Where Are All the Competent Leaders?
In 2013, Tomas Chamorro-Premuzic, a psychologist and chief talent scientist at ManpowerGroup, wrote an article for the Harvard Business Review titled “Why Do So Many Incompetent Men Become Leaders?” It was written in response to the “lean-in” movement that had taken hold when Sheryl Sandberg published her book: Lean In: Women, Work, and the Will to Lead. Chamorro-Premuzic felt that leaning in was a naive and counterproductive message to women looking to break through glass ceilings and land in leadership roles. His reasoning, as the title of his article reveals, is that too many incompetent men are leaders, so why would we want women following in those misguided footsteps?
Flash forward to 2019 and Chamorro-Premuzic has expanded on the research he conducted in 2013 to fill 180 pages of his latest book: Why Do So Many Incompetent Men Become Leaders? (and how to fix it). HRE spoke with Chamorro-Premuzic to learn more about his book, the research behind his controversial title and what HR leaders can do to help steer competent leaders to the top of the organization.
HRE: How did we get to a place where so many incompetent men are leaders?
TCP: It’s a progressive escalation of number of conflated factors. First, the nature of leadership has changed from 200 years ago—even from 50,000 years ago. The ingrained archetypes of leadership based on our evolutionary ancestors have followed us. In the early days, we thought leaders had to be strong, brave, tall, aggressive—typically male, typically seen as protectors. Today leadership is complex and involves abstract competencies and abilities, which we can’t observe directly like we could with strength and aggression. Instead, we’re intuitively geared to infer whether someone is a leader or not.
HR practices are very influenced by this attempt of inferring leadership potential. Most interviews, for example, aren’t well designed even with two to three people interviewing. During interviews we infer whether someone is a good culture fit, or whether we’d like working with that person, which shifts attention from competence to charisma, charm, political or manipulative skills.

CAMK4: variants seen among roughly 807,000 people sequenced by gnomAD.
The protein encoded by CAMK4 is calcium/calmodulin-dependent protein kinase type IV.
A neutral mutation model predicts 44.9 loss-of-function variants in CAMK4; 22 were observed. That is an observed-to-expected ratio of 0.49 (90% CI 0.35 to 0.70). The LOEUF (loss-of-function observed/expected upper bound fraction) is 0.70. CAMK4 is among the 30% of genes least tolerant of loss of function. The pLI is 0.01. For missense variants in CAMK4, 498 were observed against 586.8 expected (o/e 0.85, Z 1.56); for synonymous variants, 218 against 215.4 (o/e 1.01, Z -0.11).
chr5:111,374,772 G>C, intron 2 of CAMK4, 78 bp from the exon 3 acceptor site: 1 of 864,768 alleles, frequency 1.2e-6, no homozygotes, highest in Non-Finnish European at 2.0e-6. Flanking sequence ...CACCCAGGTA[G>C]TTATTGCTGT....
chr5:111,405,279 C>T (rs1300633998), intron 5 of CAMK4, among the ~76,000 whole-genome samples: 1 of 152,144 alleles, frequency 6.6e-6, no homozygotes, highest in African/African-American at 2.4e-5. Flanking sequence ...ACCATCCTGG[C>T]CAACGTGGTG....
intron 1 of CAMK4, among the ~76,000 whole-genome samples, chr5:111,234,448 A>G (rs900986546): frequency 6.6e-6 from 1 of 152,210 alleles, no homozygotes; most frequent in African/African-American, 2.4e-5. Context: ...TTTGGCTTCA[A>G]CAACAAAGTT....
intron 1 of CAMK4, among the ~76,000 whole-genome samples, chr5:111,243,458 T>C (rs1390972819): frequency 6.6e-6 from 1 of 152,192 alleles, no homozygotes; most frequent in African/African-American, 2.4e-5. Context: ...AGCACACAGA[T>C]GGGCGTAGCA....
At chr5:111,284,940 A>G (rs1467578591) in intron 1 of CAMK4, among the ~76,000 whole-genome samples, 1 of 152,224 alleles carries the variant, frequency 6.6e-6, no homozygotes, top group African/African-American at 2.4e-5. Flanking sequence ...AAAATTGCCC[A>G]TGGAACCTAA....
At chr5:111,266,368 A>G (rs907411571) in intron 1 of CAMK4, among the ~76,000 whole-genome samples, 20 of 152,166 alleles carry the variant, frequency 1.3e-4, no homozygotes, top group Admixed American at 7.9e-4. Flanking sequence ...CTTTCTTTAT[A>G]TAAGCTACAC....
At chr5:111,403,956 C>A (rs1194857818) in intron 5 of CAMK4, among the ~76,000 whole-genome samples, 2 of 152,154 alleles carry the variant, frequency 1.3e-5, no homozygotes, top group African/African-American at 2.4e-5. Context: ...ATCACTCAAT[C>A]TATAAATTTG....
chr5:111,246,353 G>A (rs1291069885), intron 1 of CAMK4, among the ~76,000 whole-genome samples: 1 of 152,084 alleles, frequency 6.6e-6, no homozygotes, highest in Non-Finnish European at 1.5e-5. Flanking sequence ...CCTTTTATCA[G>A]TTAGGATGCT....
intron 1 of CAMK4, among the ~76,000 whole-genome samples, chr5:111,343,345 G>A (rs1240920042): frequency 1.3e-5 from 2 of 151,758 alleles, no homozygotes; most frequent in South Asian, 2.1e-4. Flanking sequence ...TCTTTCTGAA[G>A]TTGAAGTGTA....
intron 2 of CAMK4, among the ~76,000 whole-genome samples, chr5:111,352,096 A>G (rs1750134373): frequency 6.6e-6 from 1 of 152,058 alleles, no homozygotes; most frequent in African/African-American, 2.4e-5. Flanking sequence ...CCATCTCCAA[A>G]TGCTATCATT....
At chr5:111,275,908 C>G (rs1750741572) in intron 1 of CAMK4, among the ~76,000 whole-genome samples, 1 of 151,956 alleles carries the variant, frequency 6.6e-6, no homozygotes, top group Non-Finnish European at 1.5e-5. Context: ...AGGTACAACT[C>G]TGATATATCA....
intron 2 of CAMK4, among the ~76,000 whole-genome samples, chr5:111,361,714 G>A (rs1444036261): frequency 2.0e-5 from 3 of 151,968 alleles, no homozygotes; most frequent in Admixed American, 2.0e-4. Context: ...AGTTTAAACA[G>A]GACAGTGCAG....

HR practices and organizations are at fault because there’s no habit of measuring leadership performance correctly. Most leaders are evaluated by how well they’re liked by their superiors. Rather, it should be how they impact their team—we do it in sports, but if you ask the average organization who are you best leaders, even HR will point to the most successful person, not the most effective.
HRE: What are the warning signs of an incompetent leader?
TCP: First in terms of looking at performance indicators, how leaders impact their team. Organizations should solicit upward feedback from leader’s direct reports on how the latter rate the leader in terms of integrity, managing individual’s performance, if the leader pushes their people to perform and grow, and is fair and competent.
Bad leaders create high levels of anxiety, turnover, low morale, low productivity—these are the KPI that organizations should look for. If two leaders have equal responsibilities but differ drastically in team output, we know that 30 percent to 40 percent of that output is attributable to the leader.
The worst type of leader is unpredictable. They are passionate one day and throwing tantrums the next. They’re skeptical and cynical and paranoid. They display over-competent narcissistic or psychopathic tendencies, such as blaming others for mistakes and taking credit for other’s accomplishments.
They “manage up” because that’s how they get promoted and rewarded. Real leadership is managing down and empowering your team to perform well.